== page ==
Parental Kidnapping Laws

parental kidnapping lawsBy Julie Garrison

Special to

Each year in the United States, more than 200,000 children are abducted by a parent.

Almost half of these kidnapped children were taken across state lines by their abducting parent and concealed, with the intent of keeping them for an indefinite period of time or to try to effect a permanent change of custody in the abducting parent’s favor. Forty-four percent of these children are under the age of six.

Parental kidnapping is considered child abuse by the legal system.


The Effect of Parental Abduction on Children

The effect of a parental abduction on children is almost always very damaging. Sometimes an abducting parent will conceal the child’s appearance or name or even tell the child that the other parent has died.

Almost always, the child is instructed to not reveal his or her true identity. They learn to fear the very people who are put in place to help them, such as teachers, doctors, police, school nurses, scout leaders and coaches. A child may even be kept out of school in order to keep the child’s location undetectable to authorities.


U.S. Parental Kidnapping Laws

In all 50 states, laws have been enacted to address the interstate and international kidnapping of children by a parent. These laws were designed to also protect the parent who has been left behind.

Children are not property or a living “bargaining chip,” even though they are often regarded as such by an abducting parent. In the case of a child being taken without permission across state lines, the home state of the child and primary parent is always granted preference and priority by the courts.

Child custody laws also prohibit an abducting parent from instigating a simultaneous custody proceeding in another state. The home state is always afforded the highest jurisdiction.


International Parental Kidnapping Laws

In international cases, the Hague Convention provides for the current custody orders to continue in force and effect; however, there are some countries that do not honor the Hague Convention provisions.

In this event, the parent left behind has no legal recourse and must rely on other help in order to regain physical custody of the children.

Read Related Articles:

The Hague Convention

Read other articles in our Parental Kidnapping series:

Julie Garrison has been writing articles and short stories for the past 10 years and has appeared in several magazines and e-zines.

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3 comments on “Parental Kidnapping Laws

    Can anyone tell me if this scenario would be considered parental kidnapping?
    In 2007 I was awarded primary custody, residential custody combined with joint parenting. It world well until I remarried 5 years later and we had a baby. Then, I decided to take a trip alone to Mexico. I was to spend two weeks (I had a very stressful employer,) in Mexico. By the morning of the third day, my new spouse called me telling me a restraining order from their out of state parent was filed, barring me from seeing them and was totally false (I was mid flight when the “occurrence” happened. I immediately flew home. MX to BOS is not a long flight, but it is last minute and you make 4 stops on the way homeland on record, recording and written in the paperwork “return to NH for custody issues.”hen three weeks after I learn at 930pm that my ex will be in court arguing MASS jurisdiction. (what I know know is MASS never had jurisdiction, I lived in NH with both children, never moved away.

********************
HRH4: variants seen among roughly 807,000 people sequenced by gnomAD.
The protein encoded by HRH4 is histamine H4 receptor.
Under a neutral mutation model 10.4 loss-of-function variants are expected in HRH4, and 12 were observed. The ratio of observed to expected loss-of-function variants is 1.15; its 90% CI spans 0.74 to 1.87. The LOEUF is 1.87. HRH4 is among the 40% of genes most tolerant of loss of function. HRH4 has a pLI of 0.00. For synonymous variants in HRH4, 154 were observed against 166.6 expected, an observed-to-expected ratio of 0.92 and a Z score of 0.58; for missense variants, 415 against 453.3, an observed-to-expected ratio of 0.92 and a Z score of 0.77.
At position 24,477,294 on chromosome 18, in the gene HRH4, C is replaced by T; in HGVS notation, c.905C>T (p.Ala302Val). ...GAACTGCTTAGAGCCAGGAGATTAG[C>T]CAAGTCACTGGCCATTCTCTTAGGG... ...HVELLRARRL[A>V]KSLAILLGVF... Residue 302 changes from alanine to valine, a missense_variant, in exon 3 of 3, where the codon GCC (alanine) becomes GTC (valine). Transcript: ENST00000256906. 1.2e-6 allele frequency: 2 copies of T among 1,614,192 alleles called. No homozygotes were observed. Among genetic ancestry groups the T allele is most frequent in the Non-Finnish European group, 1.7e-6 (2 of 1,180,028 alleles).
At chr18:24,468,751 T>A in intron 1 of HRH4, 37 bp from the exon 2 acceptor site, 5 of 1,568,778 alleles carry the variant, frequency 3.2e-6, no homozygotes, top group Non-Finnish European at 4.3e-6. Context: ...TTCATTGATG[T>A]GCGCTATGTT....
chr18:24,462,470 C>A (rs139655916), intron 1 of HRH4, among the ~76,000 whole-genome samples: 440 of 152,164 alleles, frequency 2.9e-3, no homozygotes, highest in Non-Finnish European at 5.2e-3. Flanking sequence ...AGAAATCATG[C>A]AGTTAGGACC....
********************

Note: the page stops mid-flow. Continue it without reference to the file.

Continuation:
Apparently my ex (despite being to did not care about this, and neither did my MASS only licensed lawyer.
    I was not able to get to the court house (3.5 hours away) ON NO NOTICE.AI begged to reschedule, ultimately the judge said this was a MASS case… However the judge never read the jurisdiction guidelines did not want (that clearly point to NH) we met all criteria for every aspect for NH court-not MA. My ex did not want his arrest history from his past brought up in court in NH.
    So again, without any representation, or even myself in the room they ordered the case a MA case.Since 2012 I have fought constantly to have the case dismissed and returned to NH. Then a landmark case just like my own and it proved NH was correct. So what did he do, claimed AGAIN I was abusive unfit drug addict and alcoholic.
    Now six years later, I have lost almost all of my rights to parenting, once a primary parent, seeing them 78% of each month, now I see them 6 days.
    Was/Is this parental kidnapping?

    If the custodial parent takes a trip with the child without the other parent’s knowledge, to another state, is that breaking any laws? What if the guardian ad litem had asked both parents to inform the other, when taking a child out of state, even for a vacation?

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